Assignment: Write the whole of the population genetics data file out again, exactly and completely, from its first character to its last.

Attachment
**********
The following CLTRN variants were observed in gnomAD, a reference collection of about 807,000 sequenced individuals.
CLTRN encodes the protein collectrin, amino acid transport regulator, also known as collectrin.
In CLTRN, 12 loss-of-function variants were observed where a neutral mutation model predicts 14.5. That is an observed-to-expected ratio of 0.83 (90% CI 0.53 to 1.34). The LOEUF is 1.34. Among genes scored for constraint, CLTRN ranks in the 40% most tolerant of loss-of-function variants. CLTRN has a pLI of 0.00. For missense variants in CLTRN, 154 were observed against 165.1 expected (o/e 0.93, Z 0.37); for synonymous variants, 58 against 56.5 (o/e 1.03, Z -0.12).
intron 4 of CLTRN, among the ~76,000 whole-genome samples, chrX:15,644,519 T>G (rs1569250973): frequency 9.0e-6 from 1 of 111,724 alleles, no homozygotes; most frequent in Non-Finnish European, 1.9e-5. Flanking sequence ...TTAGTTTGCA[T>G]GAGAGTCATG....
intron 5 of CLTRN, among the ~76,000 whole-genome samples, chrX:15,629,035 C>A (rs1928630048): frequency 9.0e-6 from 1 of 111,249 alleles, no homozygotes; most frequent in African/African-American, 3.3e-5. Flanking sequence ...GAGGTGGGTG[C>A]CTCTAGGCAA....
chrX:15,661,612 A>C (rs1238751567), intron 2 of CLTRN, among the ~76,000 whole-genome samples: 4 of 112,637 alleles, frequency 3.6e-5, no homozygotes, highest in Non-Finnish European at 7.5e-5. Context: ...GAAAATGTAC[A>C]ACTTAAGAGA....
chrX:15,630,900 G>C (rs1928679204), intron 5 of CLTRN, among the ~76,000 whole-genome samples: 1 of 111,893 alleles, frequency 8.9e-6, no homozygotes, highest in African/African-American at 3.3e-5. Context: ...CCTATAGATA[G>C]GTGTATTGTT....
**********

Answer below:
The following CLTRN variants were observed in gnomAD, a reference collection of about 807,000 sequenced individuals.
CLTRN encodes the protein collectrin, amino acid transport regulator, also known as collectrin.
In CLTRN, 12 loss-of-function variants were observed where a neutral mutation model predicts 14.5. That is an observed-to-expected ratio of 0.83 (90% CI 0.53 to 1.34). The LOEUF is 1.34. Among genes scored for constraint, CLTRN ranks in the 40% most tolerant of loss-of-function variants. CLTRN has a pLI of 0.00. For missense variants in CLTRN, 154 were observed against 165.1 expected (o/e 0.93, Z 0.37); for synonymous variants, 58 against 56.5 (o/e 1.03, Z -0.12).
intron 4 of CLTRN, among the ~76,000 whole-genome samples, chrX:15,644,519 T>G (rs1569250973): frequency 9.0e-6 from 1 of 111,724 alleles, no homozygotes; most frequent in Non-Finnish European, 1.9e-5. Flanking sequence ...TTAGTTTGCA[T>G]GAGAGTCATG....
intron 5 of CLTRN, among the ~76,000 whole-genome samples, chrX:15,629,035 C>A (rs1928630048): frequency 9.0e-6 from 1 of 111,249 alleles, no homozygotes; most frequent in African/African-American, 3.3e-5. Flanking sequence ...GAGGTGGGTG[C>A]CTCTAGGCAA....
chrX:15,661,612 A>C (rs1238751567), intron 2 of CLTRN, among the ~76,000 whole-genome samples: 4 of 112,637 alleles, frequency 3.6e-5, no homozygotes, highest in Non-Finnish European at 7.5e-5. Context: ...GAAAATGTAC[A>C]ACTTAAGAGA....
chrX:15,630,900 G>C (rs1928679204), intron 5 of CLTRN, among the ~76,000 whole-genome samples: 1 of 111,893 alleles, frequency 8.9e-6, no homozygotes, highest in African/African-American at 3.3e-5. Context: ...CCTATAGATA[G>C]GTGTATTGTT....